Frontrunners for £2 Million-a-Year MailOnline Editorship mdi-fullscreen

Lord Rothermere’s party at Claridge’s to celebrate 125 years of the Daily Mail, scheduled for next week, has been cancelled. So the opportunity for a lot of Mail intrigue and gossiping has been lost. Guido will make up for the cancellation by focusing on the subject of their greatest interest…

The most sought-after job in the British media is up for grabs with the announcement that Martin Clarke is leaving his creation MailOnline, where he is authoritatively rumoured to be on £2 million-a-year. According to Guido’s sources, it was Lord Rothermere’s intention to take DMG private that sparked Martin Clarke’s decision to move on. Clarke believes – not without reason – that if he had created a start-up media title as successful as MailOnline he would have made tens of millions; the billion dollar sale of Politico highlights the value of digital-native success stories. For Clarke, a private, unlisted DMG means no lucrative share options and the mere status of a very well-paid employee. Those few millions were not enough…

Clarke’s decision to go triggered consequential events at Britain’s most successful newspaper title. Rothermere realised he would now be in need of a replacement consigliere, so he decided to summon Paul Dacre back for that role. The promotion of Richard Caccappolo to become chief executive of the company’s media business was not significant in the firing of Geordie Grieg, contrary to reports elsewhere. Dacre demanded the ousting of his long-term enemy Grieg as the price of his return.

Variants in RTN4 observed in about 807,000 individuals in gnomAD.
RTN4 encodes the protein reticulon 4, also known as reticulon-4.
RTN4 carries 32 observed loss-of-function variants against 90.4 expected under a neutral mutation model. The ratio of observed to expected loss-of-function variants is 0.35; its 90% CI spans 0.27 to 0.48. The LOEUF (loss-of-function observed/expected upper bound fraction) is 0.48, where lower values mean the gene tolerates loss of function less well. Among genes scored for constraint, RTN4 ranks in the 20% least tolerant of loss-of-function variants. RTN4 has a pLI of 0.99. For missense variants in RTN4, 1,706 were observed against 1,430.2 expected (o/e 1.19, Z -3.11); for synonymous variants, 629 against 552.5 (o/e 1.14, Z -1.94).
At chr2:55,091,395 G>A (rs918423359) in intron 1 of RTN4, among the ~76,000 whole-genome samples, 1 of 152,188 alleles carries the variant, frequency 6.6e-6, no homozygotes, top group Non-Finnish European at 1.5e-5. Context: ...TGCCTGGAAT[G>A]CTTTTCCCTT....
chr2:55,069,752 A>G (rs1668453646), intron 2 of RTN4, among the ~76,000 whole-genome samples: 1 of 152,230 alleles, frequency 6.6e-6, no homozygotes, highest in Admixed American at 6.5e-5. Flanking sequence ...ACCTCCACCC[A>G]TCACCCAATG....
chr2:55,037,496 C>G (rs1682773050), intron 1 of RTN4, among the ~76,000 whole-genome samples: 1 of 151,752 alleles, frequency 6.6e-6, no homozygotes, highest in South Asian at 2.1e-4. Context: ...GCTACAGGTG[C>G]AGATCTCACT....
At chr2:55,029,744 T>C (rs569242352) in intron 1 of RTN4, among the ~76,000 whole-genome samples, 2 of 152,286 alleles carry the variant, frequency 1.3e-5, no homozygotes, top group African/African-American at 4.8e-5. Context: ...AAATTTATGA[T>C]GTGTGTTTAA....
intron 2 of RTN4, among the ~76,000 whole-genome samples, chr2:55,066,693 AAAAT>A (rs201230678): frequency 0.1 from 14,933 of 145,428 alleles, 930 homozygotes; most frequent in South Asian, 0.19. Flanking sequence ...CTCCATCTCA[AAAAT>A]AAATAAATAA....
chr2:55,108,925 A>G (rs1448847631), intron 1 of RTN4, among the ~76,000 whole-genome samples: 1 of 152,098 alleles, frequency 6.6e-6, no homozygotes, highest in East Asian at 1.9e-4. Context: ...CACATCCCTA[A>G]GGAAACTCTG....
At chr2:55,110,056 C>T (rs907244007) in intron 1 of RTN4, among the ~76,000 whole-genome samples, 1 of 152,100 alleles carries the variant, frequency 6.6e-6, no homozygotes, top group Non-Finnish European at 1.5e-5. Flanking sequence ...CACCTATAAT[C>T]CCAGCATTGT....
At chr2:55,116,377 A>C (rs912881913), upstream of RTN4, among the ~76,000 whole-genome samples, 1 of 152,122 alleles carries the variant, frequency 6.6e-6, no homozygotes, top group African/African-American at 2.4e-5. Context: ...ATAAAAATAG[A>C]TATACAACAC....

With Dacre back at the heart of the Mail group and Ted Verity in combined control of both the Mail on Sunday and Daily Mail titles, they will operate as an integrated operation. The remaining question of the leadership of MailOnline behemoth has to be resolved by next year when Clarke leaves. Guido brings you the runners and riders for the job:

  • Keith Poole, currently Editor-in-Chief of the New York Post, is a former Deputy Editor-in-Chief of The Sun who oversaw the digital edition. He also previously worked at the Daily Mail for over a decade, including as Managing Editor of Mail Online in New York, from 2011 to 2016. He is a strong candidate.
  • Chris Evans, currently editor of The Telegraph, is said to be interested – the money would be a raise. He did 11 years at the Daily Mail meaning it would be a return. He has taken the Telegraph journalistically in the direction of the Mail, and might have the right touch for MailOnline.
  • Gerard Greaves was deputy to Geordie at the Daily Mail and still, unaccountably, not fired by Ted Verity. Verity would be glad to get rid of him, though probably doesn’t want him to create a new power base at MailOnline. Also, Dacre loathes him and used to humiliate him in public when he was in charge. He was also previously the Mail on Sunday’s Deputy Editor.
  • Danny Groom is MailOnline’s long-suffering News Editor. He’s popular in-house, but has never actually run anything. Lots of experience of Martin Clarke bawling at him may, however, give him the management template to run the title in the style it has been run hitherto.
  • Tony Gallagher is currently Deputy Editor of The Times, waiting to step into the shoes of the Editor John Witherow, who turns 70 next month. He was the Editor at the Daily Telegraph who oversaw the MPs’ expense scandal reporting and was Deputy Editor of the Daily Mail before being appointed as editor-in-chief of The Sun. It should not be forgotten that he worked on the launch of MailOnline at the beginning with Martin Clarke.
  • Matt Chorley made his name as a political reporter at MailOnline by stealing stories from Guido unattributed and claiming them as “exclusives”. Currently doing a “comedy show” for Times Radio. He can dream.

Whoever gets the job will oversee one of the most-read publications in the free world…

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